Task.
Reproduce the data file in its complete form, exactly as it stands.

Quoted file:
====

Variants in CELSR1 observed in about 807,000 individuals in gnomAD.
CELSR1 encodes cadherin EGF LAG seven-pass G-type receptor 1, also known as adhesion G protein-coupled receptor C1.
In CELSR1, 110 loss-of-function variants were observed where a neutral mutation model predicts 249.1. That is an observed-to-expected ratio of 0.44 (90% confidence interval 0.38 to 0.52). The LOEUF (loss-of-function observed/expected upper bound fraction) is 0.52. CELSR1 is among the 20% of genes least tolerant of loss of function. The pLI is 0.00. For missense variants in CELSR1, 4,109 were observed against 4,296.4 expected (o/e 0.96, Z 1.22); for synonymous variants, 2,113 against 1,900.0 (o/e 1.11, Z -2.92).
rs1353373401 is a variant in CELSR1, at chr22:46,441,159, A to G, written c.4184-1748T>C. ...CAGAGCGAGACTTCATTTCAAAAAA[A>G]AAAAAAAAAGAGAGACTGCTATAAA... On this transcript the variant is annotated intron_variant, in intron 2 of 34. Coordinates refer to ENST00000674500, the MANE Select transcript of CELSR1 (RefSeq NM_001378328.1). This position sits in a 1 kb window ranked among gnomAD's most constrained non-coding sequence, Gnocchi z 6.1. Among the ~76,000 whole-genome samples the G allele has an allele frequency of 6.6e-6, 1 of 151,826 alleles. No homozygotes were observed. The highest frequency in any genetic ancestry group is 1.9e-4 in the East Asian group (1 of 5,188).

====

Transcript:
Variants in CELSR1 observed in about 807,000 individuals in gnomAD.
CELSR1 encodes cadherin EGF LAG seven-pass G-type receptor 1, also known as adhesion G protein-coupled receptor C1.
In CELSR1, 110 loss-of-function variants were observed where a neutral mutation model predicts 249.1. That is an observed-to-expected ratio of 0.44 (90% confidence interval 0.38 to 0.52). The LOEUF (loss-of-function observed/expected upper bound fraction) is 0.52. CELSR1 is among the 20% of genes least tolerant of loss of function. The pLI is 0.00. For missense variants in CELSR1, 4,109 were observed against 4,296.4 expected (o/e 0.96, Z 1.22); for synonymous variants, 2,113 against 1,900.0 (o/e 1.11, Z -2.92).
rs1353373401 is a variant in CELSR1, at chr22:46,441,159, A to G, written c.4184-1748T>C. ...CAGAGCGAGACTTCATTTCAAAAAA[A>G]AAAAAAAAAGAGAGACTGCTATAAA... On this transcript the variant is annotated intron_variant, in intron 2 of 34. Coordinates refer to ENST00000674500, the MANE Select transcript of CELSR1 (RefSeq NM_001378328.1). This position sits in a 1 kb window ranked among gnomAD's most constrained non-coding sequence, Gnocchi z 6.1. Among the ~76,000 whole-genome samples the G allele has an allele frequency of 6.6e-6, 1 of 151,826 alleles. No homozygotes were observed. The highest frequency in any genetic ancestry group is 1.9e-4 in the East Asian group (1 of 5,188).